Deliveroo falls foul of French employment law

UK food and grocery delivery company Deliveroo has been fined €375,000 and two of its former managers have been awarded suspended prison sentences for breaching French employment law. The company, which has withdrawn from Spain because of a crackdown on its unfair employment practices recently, plans to appeal.

“Deliveroo will appeal this decision,” a spokesperson for the food delivery company told Reuters. “The judgement goes against previous decisions in civil courts covering the same historic period, which have repeatedly found riders to be self-employed.”

“While this case does not concern today’s operating model, we strongly disagree with this judgement and the basis on which it has been made, and we will appeal.”

At the same time, there are no plans for Deliveroo to stop operations in France. This is one of a number of similar legal challenges it and its competitors are facing worldwide.

Under French employment law, those who are given employee status have rights including unemployment benefits, social security and pension contributions. By declaring its riders ‘self-employed’, so Deliveroo denies them these rights.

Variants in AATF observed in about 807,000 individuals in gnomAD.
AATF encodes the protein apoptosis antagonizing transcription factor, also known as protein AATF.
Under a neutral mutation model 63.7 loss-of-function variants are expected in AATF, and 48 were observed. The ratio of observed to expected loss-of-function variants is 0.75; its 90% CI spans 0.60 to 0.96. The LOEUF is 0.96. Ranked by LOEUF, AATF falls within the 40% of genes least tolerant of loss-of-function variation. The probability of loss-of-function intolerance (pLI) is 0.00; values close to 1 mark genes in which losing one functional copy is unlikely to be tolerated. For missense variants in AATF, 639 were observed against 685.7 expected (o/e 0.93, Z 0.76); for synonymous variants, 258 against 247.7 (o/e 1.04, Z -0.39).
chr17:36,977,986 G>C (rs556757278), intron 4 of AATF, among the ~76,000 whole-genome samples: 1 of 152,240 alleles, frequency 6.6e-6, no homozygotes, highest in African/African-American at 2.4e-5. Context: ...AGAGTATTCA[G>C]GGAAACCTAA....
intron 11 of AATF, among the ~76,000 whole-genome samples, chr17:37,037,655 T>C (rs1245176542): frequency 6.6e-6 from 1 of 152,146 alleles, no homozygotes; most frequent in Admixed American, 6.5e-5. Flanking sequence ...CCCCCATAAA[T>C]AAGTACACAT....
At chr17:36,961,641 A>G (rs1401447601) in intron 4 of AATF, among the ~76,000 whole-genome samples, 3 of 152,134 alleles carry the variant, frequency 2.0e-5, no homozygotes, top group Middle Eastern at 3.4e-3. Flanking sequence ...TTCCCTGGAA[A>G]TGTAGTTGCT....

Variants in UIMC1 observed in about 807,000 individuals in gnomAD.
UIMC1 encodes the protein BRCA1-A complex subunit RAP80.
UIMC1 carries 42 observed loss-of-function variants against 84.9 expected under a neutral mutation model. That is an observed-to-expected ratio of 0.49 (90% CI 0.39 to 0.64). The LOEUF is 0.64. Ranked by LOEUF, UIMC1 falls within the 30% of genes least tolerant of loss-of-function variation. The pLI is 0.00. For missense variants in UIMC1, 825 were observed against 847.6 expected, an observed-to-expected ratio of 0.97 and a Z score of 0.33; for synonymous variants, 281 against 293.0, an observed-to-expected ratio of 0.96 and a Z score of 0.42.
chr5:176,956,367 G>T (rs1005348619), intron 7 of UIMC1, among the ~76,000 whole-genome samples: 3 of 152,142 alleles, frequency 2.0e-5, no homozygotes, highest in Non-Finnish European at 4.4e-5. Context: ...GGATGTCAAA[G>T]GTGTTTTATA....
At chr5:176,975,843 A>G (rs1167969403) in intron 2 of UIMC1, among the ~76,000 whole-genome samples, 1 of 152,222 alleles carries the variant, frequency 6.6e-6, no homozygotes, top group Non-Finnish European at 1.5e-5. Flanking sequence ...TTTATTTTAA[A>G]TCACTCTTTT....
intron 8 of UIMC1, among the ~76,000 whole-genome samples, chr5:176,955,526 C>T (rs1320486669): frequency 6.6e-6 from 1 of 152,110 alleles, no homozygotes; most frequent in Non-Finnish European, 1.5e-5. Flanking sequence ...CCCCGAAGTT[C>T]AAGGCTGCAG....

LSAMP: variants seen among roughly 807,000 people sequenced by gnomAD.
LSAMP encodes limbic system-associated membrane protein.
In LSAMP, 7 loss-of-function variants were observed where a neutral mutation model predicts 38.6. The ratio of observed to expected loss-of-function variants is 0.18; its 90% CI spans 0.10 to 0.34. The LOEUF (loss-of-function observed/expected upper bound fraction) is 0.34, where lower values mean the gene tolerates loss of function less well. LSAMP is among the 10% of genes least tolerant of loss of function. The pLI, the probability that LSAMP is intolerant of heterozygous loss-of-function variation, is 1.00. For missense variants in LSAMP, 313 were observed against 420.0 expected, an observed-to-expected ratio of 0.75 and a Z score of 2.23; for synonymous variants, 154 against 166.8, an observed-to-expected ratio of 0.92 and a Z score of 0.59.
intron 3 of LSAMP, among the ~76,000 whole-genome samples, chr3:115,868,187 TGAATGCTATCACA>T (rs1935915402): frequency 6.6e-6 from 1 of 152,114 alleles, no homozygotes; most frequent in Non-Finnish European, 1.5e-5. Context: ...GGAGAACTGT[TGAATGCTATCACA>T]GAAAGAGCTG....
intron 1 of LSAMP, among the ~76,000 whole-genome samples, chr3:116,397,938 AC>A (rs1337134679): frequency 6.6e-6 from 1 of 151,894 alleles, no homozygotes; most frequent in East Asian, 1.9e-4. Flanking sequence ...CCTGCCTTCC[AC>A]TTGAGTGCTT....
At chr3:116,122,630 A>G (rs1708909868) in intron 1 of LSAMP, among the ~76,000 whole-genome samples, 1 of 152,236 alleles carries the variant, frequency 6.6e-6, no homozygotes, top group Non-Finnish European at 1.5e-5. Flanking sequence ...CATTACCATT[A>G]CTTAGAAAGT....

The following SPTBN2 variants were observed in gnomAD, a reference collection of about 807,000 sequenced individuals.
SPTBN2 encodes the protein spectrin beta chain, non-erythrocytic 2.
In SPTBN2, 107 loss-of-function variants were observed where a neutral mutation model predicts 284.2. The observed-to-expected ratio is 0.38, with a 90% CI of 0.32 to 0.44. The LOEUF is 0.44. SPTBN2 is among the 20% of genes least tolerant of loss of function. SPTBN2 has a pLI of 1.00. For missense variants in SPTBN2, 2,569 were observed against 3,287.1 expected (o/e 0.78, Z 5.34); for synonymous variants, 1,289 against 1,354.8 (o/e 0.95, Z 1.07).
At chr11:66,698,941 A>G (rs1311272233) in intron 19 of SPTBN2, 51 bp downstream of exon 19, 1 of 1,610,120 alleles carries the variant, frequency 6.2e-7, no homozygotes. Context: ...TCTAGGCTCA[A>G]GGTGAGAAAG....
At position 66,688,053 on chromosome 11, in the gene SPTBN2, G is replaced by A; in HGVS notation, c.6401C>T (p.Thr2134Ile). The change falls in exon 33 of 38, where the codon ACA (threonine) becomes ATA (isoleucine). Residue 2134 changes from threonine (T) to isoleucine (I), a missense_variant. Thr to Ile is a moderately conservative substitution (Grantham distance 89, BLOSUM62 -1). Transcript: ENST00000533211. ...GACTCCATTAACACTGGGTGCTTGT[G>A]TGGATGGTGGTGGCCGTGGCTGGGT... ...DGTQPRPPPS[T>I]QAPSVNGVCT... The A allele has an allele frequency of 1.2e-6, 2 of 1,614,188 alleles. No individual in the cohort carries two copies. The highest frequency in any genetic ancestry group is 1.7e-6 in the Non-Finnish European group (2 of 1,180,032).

French authorities investigated Deliveroo for a period between 2015 and 2017, and found the company had imposed an almost permanent surveillance and control over its riders’ work while they were open for deliveries, judge Sylvie Daunis said.

This included allocating long time slots to be sure the firm had enough riders to fulfil deliveries, even while only paying them per order delivered. Those who refused to be available found that they would be taken off the platform.

Though they were considered freelance, the court found that Deliveroo unilaterally changed the criteria under which pay increases were defined or the minimum time to be online to qualify to be a rider on a given shift.

“This set of elements characterises a situation of almost permanent legal subordination,” Daunis said, referring to a key element that defines the employee status in France.

Deliveroo responded by saying the decision only referred to an early version of its operating model and has no consequences on the way it operates today, which sits closer to French employment law.

“Our model has since evolved in order to be more in line with the expectations of our delivery partners, who want to remain independent … Deliveroo will continue to operate with a model that offers these independent providers a flexible and well-paid business,” the company said.

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